New Jersey governor Chris Christie is expected to propose this afternoon that his state expand its Medicaid program to more poor people under President Barack Obama's health care reform law, according to a report by the Newark Star-Ledger. The Republican governor is speaking before the state legislature at 3:00 p.m. Eastern Standard Time.
Citing a top state senator who had been briefed on the Governor's decision, the Associated Press also reported Tuesday that Christie would back this key element of President Barack Obama's health care reform.
He would be the eighth Republican governor to do so, joining Florida's Rick Scott, Ohio's John Kasich and others in agreeing to expand Medicaid, a joint federal-state health care program for the poor and people with disabilities. The health care reform law seeks to make Medicaid benefits available to anyone earning up to 133 percent of the federal poverty level, which is $15,282 for a single person this year.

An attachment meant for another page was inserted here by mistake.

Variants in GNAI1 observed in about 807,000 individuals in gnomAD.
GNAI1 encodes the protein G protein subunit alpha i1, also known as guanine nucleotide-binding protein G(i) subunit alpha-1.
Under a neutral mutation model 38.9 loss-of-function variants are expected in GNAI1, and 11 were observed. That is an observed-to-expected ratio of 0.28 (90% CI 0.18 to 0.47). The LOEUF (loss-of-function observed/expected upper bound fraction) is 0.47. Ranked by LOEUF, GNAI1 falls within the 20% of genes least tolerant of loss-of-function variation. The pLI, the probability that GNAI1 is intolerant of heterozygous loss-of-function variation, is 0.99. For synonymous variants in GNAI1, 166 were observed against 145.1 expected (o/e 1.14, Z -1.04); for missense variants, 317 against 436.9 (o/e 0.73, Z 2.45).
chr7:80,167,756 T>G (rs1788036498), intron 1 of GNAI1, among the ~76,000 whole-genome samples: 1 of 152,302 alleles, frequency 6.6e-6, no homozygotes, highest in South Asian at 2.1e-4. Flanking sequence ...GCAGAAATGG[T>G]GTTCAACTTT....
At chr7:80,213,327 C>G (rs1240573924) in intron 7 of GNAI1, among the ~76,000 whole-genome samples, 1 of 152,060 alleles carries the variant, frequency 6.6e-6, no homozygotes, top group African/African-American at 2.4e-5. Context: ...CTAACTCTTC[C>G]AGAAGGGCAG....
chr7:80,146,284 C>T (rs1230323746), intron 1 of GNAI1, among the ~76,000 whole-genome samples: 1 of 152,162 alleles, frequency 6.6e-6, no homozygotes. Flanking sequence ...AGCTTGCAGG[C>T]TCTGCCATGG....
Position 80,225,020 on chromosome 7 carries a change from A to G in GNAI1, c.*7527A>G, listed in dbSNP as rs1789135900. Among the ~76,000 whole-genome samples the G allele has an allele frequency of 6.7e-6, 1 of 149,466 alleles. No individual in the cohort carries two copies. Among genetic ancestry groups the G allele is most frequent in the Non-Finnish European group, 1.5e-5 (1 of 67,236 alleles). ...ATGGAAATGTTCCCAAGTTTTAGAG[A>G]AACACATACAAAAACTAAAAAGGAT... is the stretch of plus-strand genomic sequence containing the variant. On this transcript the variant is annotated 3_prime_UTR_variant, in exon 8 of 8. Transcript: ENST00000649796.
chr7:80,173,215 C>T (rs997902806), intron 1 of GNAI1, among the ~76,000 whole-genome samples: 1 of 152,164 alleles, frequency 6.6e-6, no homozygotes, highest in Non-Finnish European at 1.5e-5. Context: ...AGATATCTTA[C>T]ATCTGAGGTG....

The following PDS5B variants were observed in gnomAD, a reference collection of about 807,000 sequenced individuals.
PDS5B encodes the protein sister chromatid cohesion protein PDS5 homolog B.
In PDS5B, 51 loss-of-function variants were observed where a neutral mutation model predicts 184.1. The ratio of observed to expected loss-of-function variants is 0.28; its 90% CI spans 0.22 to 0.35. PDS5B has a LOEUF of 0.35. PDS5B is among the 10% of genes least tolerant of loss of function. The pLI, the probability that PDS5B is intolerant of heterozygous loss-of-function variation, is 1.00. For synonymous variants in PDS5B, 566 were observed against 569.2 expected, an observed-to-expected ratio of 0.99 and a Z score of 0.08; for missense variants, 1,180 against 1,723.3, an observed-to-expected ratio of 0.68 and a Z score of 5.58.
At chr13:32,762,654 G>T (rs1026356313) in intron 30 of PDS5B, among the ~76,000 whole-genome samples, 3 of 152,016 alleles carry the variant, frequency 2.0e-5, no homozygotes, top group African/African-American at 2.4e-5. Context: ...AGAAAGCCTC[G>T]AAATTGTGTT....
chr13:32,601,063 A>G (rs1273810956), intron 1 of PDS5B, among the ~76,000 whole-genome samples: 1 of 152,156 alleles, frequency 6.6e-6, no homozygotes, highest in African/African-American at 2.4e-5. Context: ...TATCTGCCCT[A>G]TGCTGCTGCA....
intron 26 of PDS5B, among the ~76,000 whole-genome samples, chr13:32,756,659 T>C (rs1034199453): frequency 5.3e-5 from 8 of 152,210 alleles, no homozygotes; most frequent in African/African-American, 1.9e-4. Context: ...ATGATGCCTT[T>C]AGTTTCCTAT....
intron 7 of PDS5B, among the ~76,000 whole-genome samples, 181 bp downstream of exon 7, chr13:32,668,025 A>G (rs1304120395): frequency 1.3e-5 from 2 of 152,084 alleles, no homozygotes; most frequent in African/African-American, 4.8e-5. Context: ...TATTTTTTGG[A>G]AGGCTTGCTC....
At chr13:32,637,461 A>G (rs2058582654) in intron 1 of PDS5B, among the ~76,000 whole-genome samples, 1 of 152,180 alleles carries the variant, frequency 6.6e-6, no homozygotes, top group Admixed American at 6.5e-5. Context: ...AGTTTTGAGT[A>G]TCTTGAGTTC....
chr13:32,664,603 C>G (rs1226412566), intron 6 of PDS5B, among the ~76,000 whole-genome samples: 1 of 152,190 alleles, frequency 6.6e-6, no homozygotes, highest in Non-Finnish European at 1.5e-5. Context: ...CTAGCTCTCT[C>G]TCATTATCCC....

Expanding Medicaid in New Jersey would provide new health care coverage to an estimated 291,000 people through 2022, according to an analysis released by the Urban Institute and the Henry J. Kaiser Family Foundation last November. New Jersey would spend an additional $1.5 billion and receive $15.4 billion from the federal government to finance the expansion during that time period, the report predicts.
The federal government will pay the full cost of insuring newly eligible people from 2014 through 2016 under the health care reform law expansion. That share declines over over several years until it reaches 90 percent in 2022 and beyond. For other people on Medicaid, including children, pregnant women and those with disabilities, the federal government pays states an average of 57 percent of the expenses.
Update: This story has been updated with additional reporting from the Associated Press.